Investors have convinced themselves that rates are staying low for a prolonged amount of time. Of course this conviction will not be proved wrong rapidly. Over time, as we have suggested, money will leave the bond market to head to the safety of a term deposit at a bank.

Having been proved wrong twice about stocks makes the return back for most impossible.

The great difficulty in this environment will be the lack of perceived safe alternative. It is also why midterm we are very bullish on gold even if we have avoided it all year long.

We think there are many pitfalls ahead that people will not avoid. We prefer to stick to being long indices as opposed to stock picking.

Rising rates will reveal the extent of debt levels. It first will be marked by companies cutting dividends. Bankruptcies will follow. It will be harder and harder to perform with the benchmarks.

Being long an index also has a positive survival bias. Bad stocks are replaced with good ones. The odds are in your favor with patience.

It is not the same say in the case of a bond fund. As rising rates will pressure your investments lower and lower. Doing nothing is sure to undermine your strategy and goals.

Dividend stocks are as much in a bubble as bonds are. We think its best to avoid income all together.

This will be a time of reflection. Some investors are not meant to be in the market. We expect a mass exodus of money that will be moving back to bank accounts.

Of course it is not what most in the financial business would like to hear. Markets are markets and they tend to behave in a certain predictable way.

The key to some of our future forecasts come from the inversion of the behavior in the treasury market.

We have been great believers in using treasuries as stock hedges in a portfolio.

We think this era is over as we have predicted well over a year ago. We are of the opinion that treasuries will revert to a positive correlation with stocks.

They will go up and down in price with stocks.

This is far from expected behavior of the last decade when treasuries rose in price when stocks fell.

Emerging market implosion

We read with astonishment that deflation is over. The sudden drop in both emerging market currencies and stocks is testament to further aerial bombs we suggested would happen recently.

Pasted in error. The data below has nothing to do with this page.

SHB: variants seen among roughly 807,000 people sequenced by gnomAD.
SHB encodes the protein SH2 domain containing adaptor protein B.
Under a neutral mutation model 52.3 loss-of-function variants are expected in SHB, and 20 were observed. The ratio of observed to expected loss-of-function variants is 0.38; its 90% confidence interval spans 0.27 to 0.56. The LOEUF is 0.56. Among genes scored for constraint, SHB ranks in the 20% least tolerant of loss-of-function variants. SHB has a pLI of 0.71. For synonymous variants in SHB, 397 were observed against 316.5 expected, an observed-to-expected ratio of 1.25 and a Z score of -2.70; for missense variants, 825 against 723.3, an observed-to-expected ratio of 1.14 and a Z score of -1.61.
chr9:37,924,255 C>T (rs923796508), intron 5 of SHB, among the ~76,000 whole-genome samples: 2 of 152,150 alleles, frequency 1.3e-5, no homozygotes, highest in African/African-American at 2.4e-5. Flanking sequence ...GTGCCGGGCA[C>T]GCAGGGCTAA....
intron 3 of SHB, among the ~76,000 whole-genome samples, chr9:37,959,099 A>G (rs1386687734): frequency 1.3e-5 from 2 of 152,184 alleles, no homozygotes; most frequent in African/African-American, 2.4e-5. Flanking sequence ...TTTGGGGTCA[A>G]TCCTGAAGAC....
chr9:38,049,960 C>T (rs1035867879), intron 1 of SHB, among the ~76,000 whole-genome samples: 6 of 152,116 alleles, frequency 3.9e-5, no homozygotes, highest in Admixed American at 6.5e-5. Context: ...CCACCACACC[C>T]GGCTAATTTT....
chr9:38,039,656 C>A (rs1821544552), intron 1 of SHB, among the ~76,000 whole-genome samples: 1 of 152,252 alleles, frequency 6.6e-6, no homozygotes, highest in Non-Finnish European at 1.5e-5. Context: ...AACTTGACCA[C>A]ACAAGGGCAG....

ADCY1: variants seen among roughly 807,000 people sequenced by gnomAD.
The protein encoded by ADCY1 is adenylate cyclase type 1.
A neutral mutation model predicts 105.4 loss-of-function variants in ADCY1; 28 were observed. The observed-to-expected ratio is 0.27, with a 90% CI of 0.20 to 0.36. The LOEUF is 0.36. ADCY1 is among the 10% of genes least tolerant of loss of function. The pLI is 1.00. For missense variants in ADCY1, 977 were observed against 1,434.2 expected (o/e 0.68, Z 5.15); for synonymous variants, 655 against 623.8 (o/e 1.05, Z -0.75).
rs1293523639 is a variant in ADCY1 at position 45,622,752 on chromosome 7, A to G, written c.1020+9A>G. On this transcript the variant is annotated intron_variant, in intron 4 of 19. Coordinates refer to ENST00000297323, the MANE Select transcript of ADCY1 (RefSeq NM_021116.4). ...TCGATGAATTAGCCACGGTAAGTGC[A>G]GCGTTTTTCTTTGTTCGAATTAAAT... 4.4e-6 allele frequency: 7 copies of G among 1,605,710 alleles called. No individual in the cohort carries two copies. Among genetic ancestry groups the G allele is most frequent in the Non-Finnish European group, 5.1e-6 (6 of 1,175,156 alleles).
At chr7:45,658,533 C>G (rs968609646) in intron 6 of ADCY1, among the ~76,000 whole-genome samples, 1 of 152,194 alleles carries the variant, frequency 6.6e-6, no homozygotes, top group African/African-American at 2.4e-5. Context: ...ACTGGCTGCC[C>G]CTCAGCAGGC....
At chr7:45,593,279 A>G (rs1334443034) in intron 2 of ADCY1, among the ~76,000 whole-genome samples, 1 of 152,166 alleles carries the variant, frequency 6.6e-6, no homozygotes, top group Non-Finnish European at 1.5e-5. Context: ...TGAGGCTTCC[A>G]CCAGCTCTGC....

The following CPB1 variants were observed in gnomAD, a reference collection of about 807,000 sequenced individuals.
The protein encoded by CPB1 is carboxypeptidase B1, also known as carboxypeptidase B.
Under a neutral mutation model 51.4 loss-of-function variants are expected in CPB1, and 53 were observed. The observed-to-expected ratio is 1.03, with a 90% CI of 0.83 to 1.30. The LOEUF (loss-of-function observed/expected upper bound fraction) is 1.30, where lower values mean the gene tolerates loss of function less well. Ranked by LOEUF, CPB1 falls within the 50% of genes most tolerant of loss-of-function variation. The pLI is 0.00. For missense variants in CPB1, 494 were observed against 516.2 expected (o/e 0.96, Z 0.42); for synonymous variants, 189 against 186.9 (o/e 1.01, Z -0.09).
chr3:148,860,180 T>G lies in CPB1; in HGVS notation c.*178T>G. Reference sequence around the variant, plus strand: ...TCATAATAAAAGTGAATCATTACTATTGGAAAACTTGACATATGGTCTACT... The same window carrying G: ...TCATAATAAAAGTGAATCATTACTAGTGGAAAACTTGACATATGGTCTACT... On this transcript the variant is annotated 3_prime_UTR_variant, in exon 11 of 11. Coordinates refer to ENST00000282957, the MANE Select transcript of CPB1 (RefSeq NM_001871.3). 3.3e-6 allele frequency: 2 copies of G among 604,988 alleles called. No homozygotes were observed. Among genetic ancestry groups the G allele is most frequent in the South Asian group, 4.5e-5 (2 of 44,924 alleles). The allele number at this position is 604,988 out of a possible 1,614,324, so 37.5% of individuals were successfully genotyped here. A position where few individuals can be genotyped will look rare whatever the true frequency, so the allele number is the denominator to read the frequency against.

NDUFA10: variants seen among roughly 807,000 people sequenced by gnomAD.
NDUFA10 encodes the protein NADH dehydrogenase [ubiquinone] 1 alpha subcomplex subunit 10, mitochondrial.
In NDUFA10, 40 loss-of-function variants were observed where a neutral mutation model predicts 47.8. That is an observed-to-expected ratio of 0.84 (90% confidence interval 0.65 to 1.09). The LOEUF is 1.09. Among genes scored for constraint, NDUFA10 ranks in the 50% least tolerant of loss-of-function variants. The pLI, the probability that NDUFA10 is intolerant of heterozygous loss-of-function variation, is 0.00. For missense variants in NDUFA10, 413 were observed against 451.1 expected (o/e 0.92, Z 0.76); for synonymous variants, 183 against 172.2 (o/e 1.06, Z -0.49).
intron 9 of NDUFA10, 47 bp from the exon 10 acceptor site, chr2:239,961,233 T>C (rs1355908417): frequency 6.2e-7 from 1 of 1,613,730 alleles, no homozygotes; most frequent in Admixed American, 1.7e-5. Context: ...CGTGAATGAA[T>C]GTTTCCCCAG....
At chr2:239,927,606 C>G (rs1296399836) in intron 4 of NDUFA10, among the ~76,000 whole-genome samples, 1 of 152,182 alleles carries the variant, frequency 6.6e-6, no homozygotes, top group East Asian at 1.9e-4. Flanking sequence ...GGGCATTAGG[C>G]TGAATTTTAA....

We are in complete disagreement over this topic as deflation shocks being short and fast creates lasting disinflation

The wipe outs are dramatic in many cases. Caught by surprise many have been.

Where people now see a bust credit cycle we see opportunity. The flow of hot money had created huge imbalances and a perception of superior fundamentals. The king is now naked.

We are taking a hard look at re-balancing our cash into some of those interesting emerging markets.

It reminds us of European markets that nobody got interested in because of fear. Recent positives on Europe had us unload these plays at much higher prices than a few months ago.

Interesting times indeed!
These are interesting times and it's critical to understand whether we are in the midst of a prolonged bear market in bonds where rates continue to climb higher. Rising bond yields will continue to hurt interest-sensitive sectors of the economy and give cyclical stocks the advantage this year, say equity strategists on both sides of the border:
"Most interest-sensitive assets/sectors have been hit hard in the past few months, and although a rebound from oversold levels is possible in the short term, we continue to believe the uptrend in bond yields will hurt their absolute and relative performance," said Hugo Ste-Marie, small-and mid-cap analyst at Scotia Capital. "We continue to prefer cyclical plays." ...

"After a few years of strong outperformance, dividend payers' valuation was getting rich relative to non-payers, and with bond yields rising, the premium relative to non-payers is likely to compress further," Mr. Ste-Marie said.

He added he sees no reason for this trend to change any time soon, and he continues to view cyclicals as outperformers over the next year.

"Further normalization in bond yields could accelerate the Great Asset rotation and equity portfolio realignment toward more economically sensitive sectors," he said.

Tobias Levkovich, U.S. equity strategist at Citigroup Global Markets Inc., said there is very little historical evidence as to what impact the Fed's tapering may have on stock prices. But past periods of rising bond yields may shed light on how investors should be positioned.

He said the past impact on stock prices after the first 100 basis points of higher 10-year treasury yields shows that cyclicals have generally outperformed defensive names.

"Energy looks most rewarding, while the various consumer staples sector groups typically underperform, as do health care and transportation stocks," he said.

"Given soaring biotech names, we suspect that backing off these high flyers makes sense at this juncture. Similarly, utilities and telecoms do not look like profitable trades either, which means there are many mixed messages from a macro perspective and single-stock picking may be needed to get things right."
And rising bond yields have hit emerging markets hard, prompting Robert Samuelson to comment, Pop goes the 'emerging-market bubble':